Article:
Northern Ireland

Belfast 5G: What faster connectivity will mean for city

smart phone Image copyright Getty Images
Image caption 5G is the fifth-generation of mobile internet connectivity

A major technology upgrade is taking place in Belfast: a brand new 5G service.

EE, the mobile operator, is rolling out the new data connection across UK cities, promising to bring in a "new era".

That new era is said to be one of "more reliable connectivity", bringing 5G to areas like Great Victoria Street.

The question is, however, who that new era of digital advancement will really benefit?

What exactly is 5G?

Put simply, it's the next, or fifth generation, of mobile internet connectivity, which promises much faster data download and upload speeds, wider coverage and more stable connections.

To get the benefits of 5G, you will have to buy a new phone.

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Media captionWATCH: What the superfast 5G connection will mean

Plans for these new EE 5G phone start from £54 a month for 10GB and go up to £74 a month for 120GB.

With other networks due to roll out their own services, those prices will eventually come down.

How fast will it be?

EE said its customers should expect a boost in speeds of about 100-150 megabits per second (Mbps) even in the busiest areas of Belfast.

It said some customers will even break one gigabit-per-second on their 5G smartphones.

In comparison, the fastest speed possible when EE launched 4G in 2012 was just 50Mbps.

It means you can download an ultra-HD movie in the time it takes to read its description.

Who needs super fast connectivity?

Some avid internet users like gamers, for example, are likely to see an end to the slight delays that can occur now, according to James Stinson, Ofcom's regulatory affairs manager in Northern Ireland.

But the biggest differences are expected to go far beyond improving the way we use existing products like smartphones or games consoles.

"The instant connection 5G offers and its capacity to have thousands of devices connected at one time opens up the potential for new, innovative services," said Mr Stinson.

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Image caption High-speed mobile could enable robots, sensors and other machines to communicate

Manufacturers could use more automated machinery, providing and reacting to real-time data to improve efficiency.

Transport networks, local authorities and other public bodies could use it to improve public services like parking, traffic management and street lighting.

It could also bring revolutionary changes to healthcare, for example, by enabling technology that allows medical students to practise surgery in a connected, virtual reality environment that reflects a real-life experience - even enabling them to "feel" the surgery they are training to deliver.

What benefits will it bring to the economy?

Adrian Doran, the head of corporate banking at Barclays, said the bank's research estimates that a full take-up of 5G in Northern Ireland would lead to an extra £300m a year for the economy.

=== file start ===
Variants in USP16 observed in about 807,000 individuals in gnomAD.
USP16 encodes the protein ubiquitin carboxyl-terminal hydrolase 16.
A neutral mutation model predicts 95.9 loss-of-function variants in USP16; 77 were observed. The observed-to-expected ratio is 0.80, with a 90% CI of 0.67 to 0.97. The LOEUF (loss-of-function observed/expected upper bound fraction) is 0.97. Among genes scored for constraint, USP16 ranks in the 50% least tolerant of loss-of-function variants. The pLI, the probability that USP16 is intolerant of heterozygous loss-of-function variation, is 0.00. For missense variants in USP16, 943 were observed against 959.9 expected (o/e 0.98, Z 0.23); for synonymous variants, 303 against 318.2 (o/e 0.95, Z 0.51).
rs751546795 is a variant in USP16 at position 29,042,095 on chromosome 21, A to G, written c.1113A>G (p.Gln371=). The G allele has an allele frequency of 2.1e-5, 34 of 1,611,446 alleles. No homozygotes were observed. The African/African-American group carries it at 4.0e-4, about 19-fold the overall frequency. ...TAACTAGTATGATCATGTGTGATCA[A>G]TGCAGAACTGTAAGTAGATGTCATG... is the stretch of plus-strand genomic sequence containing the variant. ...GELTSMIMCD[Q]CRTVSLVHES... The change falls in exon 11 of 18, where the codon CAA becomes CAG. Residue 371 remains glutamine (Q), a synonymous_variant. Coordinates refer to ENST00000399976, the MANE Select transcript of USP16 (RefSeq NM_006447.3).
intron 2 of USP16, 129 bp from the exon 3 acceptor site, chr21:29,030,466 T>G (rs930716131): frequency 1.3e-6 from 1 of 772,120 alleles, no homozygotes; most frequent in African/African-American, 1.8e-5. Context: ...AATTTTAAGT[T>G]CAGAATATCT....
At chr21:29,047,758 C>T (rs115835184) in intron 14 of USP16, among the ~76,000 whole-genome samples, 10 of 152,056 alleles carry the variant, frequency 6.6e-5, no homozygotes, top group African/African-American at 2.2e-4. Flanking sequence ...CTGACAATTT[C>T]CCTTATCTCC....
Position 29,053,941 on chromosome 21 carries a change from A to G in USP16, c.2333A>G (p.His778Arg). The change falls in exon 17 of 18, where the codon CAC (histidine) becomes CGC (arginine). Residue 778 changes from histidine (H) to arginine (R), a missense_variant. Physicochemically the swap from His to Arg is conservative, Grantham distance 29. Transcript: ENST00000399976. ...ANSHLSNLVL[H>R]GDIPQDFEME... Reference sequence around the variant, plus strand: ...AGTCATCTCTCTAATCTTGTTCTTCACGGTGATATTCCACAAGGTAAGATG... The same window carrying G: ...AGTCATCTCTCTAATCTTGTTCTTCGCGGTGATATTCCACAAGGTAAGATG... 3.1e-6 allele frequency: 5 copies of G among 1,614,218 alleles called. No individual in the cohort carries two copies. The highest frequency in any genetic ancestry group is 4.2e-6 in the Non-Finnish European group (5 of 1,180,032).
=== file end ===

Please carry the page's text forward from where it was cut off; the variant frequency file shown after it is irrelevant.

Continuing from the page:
And the introduction of the 5G network offers a huge opportunity for business growth, according to Ann McGregor, the chief executive of the Northern Ireland Chamber of Commerce and Industry.

"With Belfast being one of the first cities to provide 5G, this will ensure that local businesses remain competitive and continue to be attractive to inward investors," she said.

Image caption 5G technology has been tested in this room in Queen's University in Belfast

"It will also support a new generation of start-ups and other business areas where fast, reliable internet connections are critical such as in medicine, banking and automation."

But Brendan Kearney, the regional chair of the Federation of Small Business in Northern Ireland, said that while it is welcome that Belfast is on the initial 5G rollout list, many businesses remain frustrated by the lack of basic broadband, data and voice services.

"With access to internet services now considered 'the fourth utility' and essential to the day-to-day running of businesses, it is vital that service providers and government work to eradicate the 'not-spots', which still exist," he said.

Norbert Sagnard, from Queen's University's centre for wireless innovation, said it could be 10 years before Northern Ireland sees the real benefits of 5G.

What about connectivity for the rest of Northern Ireland?

Mobile coverage in Northern Ireland has improved but too many people and businesses are still struggling for a signal.

Image caption EE's coverage map of Belfast shows that only some areas - marked dark green - will get a 5G signal

Ofcom's Connected Nations report found that there was still 21% of areas in Northern Ireland that are not covered by all 4G operators.

Indeed, 2% of Northern Ireland's geographic areas are not covered by any 4G operator.

Stormont's Department for the Economy said it seeks to utilise the confidence-and-supply broadband funding to improve access to internet services.

It said a three to four-year timeframe is required to deliver a project of this scale and that the funding has not yet been released.

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